Well it’s V-Day again! This year, take a moment out from your annual anti-stalker preparations to recall the ancient werewolf roots of Valentine’s Day – but no more than a moment! That would be highly inadvisable. It’s called Lupercalia and it may not be romantic but it’s 99.99% true, like everything else on this site.
Centuries before Emperor Claudius condemned poor St. Valentine to a terrible teddy bear and chocolate death for the then-crime of marrying heterosexual couples, there were twin boys named Romulus and Remus in Rome. Like many twins, Romulus and Remus created quite a bit of chaos by their birth. Even more so because these twins were the children of demi-gods. Their dad was Mars, the god of war and their mom a forest diety named Rhea Silva.
As a result, these powerful babies Romulus and Remus scared the emperor. He ordered them abandoned in the woods and left to die in the middle of winter. He also locked their mom Rhea Silva in a convent.
But the emperor didn’t know that Rhea Silva, whose name means “forest spirit” could still communicate with the animals in the forest. She made a deal with a powerful she-wolf named Lupa that if Lupa would adopt her sons and give them milk to save their lives, that she would share them with Lupa on every full moon.
Lupa agreed to the deal and found Romulus and Remus deep in the woods, roughly on this day in February. She fed them her own milk and this caused the physiological changes that would save their lives and turn them into werewolves on the full moon. So that when they became adults, on every full moon the twins would turn into werewolves and always return to her in the forest.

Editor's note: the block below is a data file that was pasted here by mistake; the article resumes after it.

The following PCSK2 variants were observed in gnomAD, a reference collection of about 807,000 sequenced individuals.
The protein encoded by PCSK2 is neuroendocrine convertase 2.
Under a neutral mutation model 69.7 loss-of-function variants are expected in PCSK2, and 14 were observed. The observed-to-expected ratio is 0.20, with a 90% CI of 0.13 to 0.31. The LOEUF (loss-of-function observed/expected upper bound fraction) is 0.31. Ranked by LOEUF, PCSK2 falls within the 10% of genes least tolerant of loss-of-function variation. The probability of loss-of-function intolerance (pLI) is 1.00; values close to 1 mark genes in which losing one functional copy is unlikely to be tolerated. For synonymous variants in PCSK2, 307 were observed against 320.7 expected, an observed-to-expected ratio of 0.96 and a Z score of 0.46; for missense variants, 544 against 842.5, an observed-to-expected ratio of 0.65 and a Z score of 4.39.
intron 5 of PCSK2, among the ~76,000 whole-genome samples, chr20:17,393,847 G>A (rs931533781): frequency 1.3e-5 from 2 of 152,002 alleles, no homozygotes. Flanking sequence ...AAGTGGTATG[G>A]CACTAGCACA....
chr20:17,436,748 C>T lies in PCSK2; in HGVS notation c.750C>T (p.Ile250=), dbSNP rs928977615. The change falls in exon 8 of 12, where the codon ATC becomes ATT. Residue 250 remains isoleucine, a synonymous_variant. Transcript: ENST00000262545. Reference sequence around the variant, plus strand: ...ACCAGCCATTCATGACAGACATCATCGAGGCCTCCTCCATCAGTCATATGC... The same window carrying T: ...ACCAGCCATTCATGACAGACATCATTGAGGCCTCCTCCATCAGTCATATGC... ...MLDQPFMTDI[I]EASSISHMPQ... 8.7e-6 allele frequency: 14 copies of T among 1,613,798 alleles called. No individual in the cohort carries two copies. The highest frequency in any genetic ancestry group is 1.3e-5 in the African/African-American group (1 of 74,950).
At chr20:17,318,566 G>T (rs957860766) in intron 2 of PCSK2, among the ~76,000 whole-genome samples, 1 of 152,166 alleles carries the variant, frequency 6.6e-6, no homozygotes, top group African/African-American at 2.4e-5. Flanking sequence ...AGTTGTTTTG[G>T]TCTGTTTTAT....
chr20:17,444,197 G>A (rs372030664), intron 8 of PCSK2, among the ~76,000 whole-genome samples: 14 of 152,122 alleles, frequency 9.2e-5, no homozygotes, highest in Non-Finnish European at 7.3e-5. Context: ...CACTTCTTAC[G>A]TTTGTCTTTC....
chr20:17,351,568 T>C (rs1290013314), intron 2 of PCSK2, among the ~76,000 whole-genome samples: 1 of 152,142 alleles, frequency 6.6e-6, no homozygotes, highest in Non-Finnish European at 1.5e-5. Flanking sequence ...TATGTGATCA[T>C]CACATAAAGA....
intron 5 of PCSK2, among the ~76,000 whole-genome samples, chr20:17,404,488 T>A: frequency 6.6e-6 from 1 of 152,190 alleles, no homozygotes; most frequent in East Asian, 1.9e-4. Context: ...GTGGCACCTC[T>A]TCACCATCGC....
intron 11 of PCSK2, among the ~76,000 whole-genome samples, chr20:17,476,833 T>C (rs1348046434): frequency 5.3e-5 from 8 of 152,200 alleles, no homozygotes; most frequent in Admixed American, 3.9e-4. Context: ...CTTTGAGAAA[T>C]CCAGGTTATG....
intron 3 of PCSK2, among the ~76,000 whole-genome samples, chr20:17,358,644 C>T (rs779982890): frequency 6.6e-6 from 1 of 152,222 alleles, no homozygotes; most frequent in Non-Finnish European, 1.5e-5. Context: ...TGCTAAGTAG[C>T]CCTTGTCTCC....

So how does this lead to Valentine’s Day?
Well when Romulus and Remus grew up they used their powers to found the city of Rome and every year in February, Rome held a celebration in honor of their wolf mom, Lupa. Hence the Roman statue of Lupa feeding her wolf-milk to Romulus and Remus above. This celebration was called “Lupercalia,” after Lupa herself.
On Lupercalia the citizens of Rome would party by making chocolate wolf-milk and stuffed wolf toys and trying to get a date. Except for the werewolves of course, who would transform even if it wasn’t a full moon and retreat deep into the forest together for their own secret Lupercalia celebration, about which little is known.
It may not the most romantic story but it’s 99.98% true.
(Minus the one little missing part where Romulus kills his own brother Remus in a fit of were-rage over where to put the city of Rome. Were-rage. Big problem for the lupine kind. Read more about were-rage here on the werewolves page.)